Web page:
Old Feuds and New Loves…


This is a win it before you can buy it kind of day.

I have a wonderful new Love Inspired Western due to release next month and the members of the Love Inspired Book Club (through Reader’s Service) already have this book and I’m so glad that these thousands of early readers are loving it…

It’s a beautiful story. The one we’ve been waiting for, the third Fitzgerald sister has come to Idaho and she doesn’t come meek and mild.

No, ma’am.

Charlotte Fitzgerald may have been raised as a cossetted little Southern Belle but she’s hit the wall now that her no-good father stranded his daughters with no money, no jobs and a tractor load of debt… not to mention he kind of ran the family’s good name through a wood chipper, then a meat grinder for good measure…

But Charlotte’s a game one. She’s finished veterinary school with an internship in horse care and she’s been raised around Fitzgerald horses from the cradle. If there’s one thing Char knows, it’s horses… and now she knows how to provide their medical care, so that’s a big plus in a northern region that’s embracing all kinds of new ranches, including her uncle’s multi-million dollar operation that she’ll get a part of if she can work from the ranch for one year.

One year is nothing to Char… she’s ready to spread her wings and fly with her brand new (and heavily mortgaged) mobile veterinary van, the likes of which Shepherd’s Crossing has never seen… but not everyone who’s taken to horses takes to Fitzgeralds and when Charlotte is called in to pass judgment on a group of badly neglected horses… and disagrees with the older, established vet in the area… she sets herself up for a fight. And when the handsome Native American horse breeder agrees with her, and saves a horse his family shares a bad history with, the stakes get higher.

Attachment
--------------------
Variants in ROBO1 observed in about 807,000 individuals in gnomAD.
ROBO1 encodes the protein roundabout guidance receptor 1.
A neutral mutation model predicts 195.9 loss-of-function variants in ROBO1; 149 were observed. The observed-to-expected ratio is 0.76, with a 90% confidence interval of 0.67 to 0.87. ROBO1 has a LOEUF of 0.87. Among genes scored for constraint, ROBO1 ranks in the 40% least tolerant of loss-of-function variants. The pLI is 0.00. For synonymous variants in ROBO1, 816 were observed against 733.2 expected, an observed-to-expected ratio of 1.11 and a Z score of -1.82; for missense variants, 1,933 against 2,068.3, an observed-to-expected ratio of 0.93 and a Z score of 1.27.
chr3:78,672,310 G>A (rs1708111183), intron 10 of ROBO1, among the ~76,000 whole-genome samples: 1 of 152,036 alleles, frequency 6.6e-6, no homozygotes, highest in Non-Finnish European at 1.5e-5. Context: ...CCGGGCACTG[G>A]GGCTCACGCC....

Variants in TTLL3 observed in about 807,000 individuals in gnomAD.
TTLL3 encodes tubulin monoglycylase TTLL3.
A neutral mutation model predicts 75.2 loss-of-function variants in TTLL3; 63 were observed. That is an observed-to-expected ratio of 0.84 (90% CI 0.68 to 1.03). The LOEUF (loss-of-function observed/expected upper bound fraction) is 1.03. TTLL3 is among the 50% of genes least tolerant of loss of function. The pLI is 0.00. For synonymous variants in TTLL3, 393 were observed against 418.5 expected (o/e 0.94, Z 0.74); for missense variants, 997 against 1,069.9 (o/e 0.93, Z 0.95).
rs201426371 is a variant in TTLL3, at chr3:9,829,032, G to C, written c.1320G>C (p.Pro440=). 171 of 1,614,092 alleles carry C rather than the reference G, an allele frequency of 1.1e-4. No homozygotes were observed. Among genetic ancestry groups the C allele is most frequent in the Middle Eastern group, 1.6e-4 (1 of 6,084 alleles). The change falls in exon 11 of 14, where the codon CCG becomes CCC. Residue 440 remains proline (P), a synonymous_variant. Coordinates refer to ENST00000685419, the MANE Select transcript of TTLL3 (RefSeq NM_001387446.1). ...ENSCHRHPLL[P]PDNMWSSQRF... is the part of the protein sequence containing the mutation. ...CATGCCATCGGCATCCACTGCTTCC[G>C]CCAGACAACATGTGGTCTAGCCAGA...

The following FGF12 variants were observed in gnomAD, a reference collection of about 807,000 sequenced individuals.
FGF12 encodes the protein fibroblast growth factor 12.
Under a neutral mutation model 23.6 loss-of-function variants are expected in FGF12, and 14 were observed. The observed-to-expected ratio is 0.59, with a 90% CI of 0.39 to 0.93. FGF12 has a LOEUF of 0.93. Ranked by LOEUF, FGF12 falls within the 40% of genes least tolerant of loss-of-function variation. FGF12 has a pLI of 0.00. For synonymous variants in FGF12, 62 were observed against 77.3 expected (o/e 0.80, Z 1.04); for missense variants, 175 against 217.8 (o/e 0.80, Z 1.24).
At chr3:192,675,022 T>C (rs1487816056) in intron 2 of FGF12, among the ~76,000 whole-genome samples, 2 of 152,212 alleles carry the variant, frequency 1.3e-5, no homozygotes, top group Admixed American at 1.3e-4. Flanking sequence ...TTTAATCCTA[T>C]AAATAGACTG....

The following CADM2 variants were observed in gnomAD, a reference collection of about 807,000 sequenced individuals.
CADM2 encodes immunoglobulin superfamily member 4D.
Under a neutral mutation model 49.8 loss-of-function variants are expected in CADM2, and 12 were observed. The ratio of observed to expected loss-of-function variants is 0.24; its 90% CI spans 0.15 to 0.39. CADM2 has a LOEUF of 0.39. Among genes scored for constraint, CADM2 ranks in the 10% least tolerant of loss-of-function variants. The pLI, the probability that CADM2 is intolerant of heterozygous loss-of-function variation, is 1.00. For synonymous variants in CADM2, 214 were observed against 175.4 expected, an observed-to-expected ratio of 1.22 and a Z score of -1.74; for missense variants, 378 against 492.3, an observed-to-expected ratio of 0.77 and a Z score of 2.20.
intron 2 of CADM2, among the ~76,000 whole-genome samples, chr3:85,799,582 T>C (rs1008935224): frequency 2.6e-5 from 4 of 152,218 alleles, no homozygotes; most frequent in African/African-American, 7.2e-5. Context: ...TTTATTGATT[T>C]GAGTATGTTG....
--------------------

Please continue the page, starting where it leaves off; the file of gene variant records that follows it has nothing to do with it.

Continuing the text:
Trust doesn’t come easy to Char… And honesty is clutch with Isaiah so can he see the past for what it is before it ruins the present?  And is Char willing to give him a second chance after all she’s been through?


This is a great story of two strong people with vigorous roots and how sometimes those roots can twist and turn the wrong way, strangling the tree… but with the right care and trimming, even the threatened tree can thrive.


(Sorry, we’re having technical difficulties, the picture comes through as broken no matter which one I use or where I put it… silly blog! A bit temperamental today, I’d say! Here’s a link so you can see this great cover: LINK TO HEALING THE COWBOY’S HEART! )


Does forgiveness come easy to you? Or do you have to dig deep to move beyond things?

Give me a comment below and let’s talk grudge-holding and forgiveness. I came from a long line of grudgeholders on the Herne and Logan sides of the family, and those folks made the Hatfields and McCoys look like Mr. Rogers Neighborhood… so you know what I’m talking about!

I don’t hold grudges. It’s like the most unhealthy thing you can do, it’s so destructive to relationships but mostly to us. To our hearts, our souls, our mental health. Forgive and move on…

Life’s too short to be a tempest in a teapot!

+ posts

29 thoughts on “Old Feuds and New Loves…”

  1. Good Morning Ruth- Great question. I try to forgive others who have wronged me, but depending on the situation sometimes I have to admit, I have to dig deep. Other times it just rolls off my back. I’ve learned during my sobierty that I have to just give it to God and forgive those who have hurt me. It’s really been eye opening that when I do that, I receive peace.
    Thanks for the great blog.
    Happy Early Mother’s Day to you and all the ladies here at P & P.

    • Tonya, good morning! And I’m working on mailings today and your name is on the list from a few weeks ago! YAY!!!!!